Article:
OSAKA – An Osaka middle school for children of pro-Pyongyang Koreans opened its classes to the public Saturday morning in an attempt to demonstrate that its academic standards are comparable to those of Japanese schools.
The move is in response to the Japanese government’s plan to give only graduates of Western style international schools — but not Korean, Chinese or other ethnic schools — the automatic right to take national university exams.
The school, in Osaka’s Ikuno Ward, opened nine classes in the first and second periods for students in their first and second years, including Korean and math classes.
Visitors were also given compositions by the students, including passages such as, “I want to go to university to realize my dream of becoming a lawyer,” and “We are all human, but why can’t we have equal rights to education?”
Pu Yong Uk, principal of the school, criticized the education ministry’s plan, saying, “Political issues such as the abduction (of Japanese nationals by North Korea) and the right to receive education should be clearly separated. It is ridiculous that children should become victims.”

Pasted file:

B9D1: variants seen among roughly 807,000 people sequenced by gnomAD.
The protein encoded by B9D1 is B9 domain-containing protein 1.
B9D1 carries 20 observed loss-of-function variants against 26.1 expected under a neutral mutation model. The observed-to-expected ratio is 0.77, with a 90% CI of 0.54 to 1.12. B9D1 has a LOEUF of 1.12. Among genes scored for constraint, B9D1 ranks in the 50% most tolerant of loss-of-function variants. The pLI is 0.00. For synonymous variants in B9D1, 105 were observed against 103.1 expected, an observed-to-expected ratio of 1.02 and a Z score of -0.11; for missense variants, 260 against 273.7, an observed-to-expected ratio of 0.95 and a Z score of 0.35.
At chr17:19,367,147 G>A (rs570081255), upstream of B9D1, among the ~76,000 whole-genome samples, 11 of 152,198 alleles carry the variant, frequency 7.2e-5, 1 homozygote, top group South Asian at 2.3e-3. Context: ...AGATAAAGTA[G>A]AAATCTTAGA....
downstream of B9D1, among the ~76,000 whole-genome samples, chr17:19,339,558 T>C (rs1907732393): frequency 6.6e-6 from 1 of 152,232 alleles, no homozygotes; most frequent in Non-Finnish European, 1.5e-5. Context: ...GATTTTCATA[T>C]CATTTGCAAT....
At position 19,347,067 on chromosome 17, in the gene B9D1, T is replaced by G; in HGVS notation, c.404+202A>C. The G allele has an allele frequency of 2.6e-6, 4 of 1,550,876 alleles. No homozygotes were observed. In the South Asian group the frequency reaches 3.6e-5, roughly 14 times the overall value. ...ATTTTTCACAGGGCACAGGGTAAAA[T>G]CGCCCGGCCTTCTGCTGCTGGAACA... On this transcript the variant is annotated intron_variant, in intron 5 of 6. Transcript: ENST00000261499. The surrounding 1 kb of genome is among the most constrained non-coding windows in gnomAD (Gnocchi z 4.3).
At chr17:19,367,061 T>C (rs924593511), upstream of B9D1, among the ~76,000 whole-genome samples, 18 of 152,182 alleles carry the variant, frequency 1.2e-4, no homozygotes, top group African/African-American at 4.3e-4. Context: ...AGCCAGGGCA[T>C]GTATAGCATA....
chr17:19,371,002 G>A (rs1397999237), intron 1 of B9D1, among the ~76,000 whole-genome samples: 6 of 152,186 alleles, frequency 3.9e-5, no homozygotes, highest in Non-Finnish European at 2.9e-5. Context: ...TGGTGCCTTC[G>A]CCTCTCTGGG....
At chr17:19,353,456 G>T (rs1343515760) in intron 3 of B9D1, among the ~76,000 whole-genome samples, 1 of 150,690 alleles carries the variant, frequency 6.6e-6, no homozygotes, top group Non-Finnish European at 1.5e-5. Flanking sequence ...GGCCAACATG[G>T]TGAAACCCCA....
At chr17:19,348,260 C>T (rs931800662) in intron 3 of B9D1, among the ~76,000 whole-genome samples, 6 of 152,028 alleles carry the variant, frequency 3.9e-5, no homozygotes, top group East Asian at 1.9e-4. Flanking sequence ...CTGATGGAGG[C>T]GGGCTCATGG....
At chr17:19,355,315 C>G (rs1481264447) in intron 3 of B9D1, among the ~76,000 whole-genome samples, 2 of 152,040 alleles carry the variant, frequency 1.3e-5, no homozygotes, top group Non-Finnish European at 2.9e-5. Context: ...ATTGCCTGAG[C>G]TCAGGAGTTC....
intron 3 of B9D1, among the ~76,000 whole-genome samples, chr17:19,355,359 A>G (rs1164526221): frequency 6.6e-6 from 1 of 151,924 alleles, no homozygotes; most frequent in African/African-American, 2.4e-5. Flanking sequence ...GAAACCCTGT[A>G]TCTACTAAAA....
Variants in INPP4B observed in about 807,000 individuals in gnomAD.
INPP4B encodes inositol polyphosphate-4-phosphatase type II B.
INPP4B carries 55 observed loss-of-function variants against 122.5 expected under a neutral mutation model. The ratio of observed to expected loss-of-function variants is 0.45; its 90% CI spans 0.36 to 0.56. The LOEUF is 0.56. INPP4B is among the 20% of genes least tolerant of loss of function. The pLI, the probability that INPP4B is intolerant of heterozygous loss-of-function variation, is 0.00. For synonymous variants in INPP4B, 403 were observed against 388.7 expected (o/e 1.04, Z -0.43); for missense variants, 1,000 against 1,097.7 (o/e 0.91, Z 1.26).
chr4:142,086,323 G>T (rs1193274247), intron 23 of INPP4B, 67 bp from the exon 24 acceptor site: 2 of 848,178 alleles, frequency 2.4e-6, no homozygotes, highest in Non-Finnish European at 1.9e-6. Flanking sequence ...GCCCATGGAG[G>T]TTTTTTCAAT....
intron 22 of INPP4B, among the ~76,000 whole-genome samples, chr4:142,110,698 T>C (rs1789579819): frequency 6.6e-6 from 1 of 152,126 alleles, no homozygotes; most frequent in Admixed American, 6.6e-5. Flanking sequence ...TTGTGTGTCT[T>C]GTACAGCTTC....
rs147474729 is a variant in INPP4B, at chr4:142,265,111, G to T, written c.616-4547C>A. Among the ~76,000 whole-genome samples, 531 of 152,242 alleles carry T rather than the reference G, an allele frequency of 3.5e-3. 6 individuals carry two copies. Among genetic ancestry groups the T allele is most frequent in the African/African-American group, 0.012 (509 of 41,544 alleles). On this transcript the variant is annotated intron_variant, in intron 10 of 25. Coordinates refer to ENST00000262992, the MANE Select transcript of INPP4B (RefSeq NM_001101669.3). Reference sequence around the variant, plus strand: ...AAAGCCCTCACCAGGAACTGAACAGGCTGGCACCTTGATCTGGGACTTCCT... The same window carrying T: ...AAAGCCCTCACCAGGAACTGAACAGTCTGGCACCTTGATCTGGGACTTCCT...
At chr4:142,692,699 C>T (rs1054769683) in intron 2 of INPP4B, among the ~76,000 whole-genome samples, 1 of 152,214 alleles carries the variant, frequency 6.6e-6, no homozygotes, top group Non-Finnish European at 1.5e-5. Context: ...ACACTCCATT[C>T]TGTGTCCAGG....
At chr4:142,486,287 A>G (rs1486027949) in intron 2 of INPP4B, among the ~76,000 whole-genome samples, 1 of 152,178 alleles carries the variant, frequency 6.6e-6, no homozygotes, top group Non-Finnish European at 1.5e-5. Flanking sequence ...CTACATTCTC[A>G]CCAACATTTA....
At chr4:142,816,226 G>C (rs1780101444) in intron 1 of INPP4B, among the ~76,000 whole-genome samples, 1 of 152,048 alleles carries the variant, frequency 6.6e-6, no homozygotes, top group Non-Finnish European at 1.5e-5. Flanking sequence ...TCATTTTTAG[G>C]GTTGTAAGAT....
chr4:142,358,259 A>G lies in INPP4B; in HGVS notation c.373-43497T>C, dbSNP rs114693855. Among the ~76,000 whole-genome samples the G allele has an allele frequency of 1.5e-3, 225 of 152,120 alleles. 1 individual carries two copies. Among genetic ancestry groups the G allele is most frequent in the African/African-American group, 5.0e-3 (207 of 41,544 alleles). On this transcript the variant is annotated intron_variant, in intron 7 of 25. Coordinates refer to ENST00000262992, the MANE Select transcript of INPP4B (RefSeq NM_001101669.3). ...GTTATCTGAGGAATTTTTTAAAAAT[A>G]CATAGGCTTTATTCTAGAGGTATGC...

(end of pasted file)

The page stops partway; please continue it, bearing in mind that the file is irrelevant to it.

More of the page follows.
The Ministry of Education, Culture, Sports, Science and Technology decided Thursday to allow graduates of 16 international schools in Japan that have been accredited by Western education groups to take national university exams, enabling them to bypass the “daiken” pre-admission test.
Of the estimated 120 ethnic schools in Japan, about 90 are for children of pro-Pyongyang Koreans, while roughly 10 others are for South Korean and Chinese residents of Japan.
At present, as non-Japanese schools are not accredited under the School Education Law, graduates must take the pre-admission test to show their level of education meets national academic standards before they can apply to take entrance exams for state-run and some local government-run universities.
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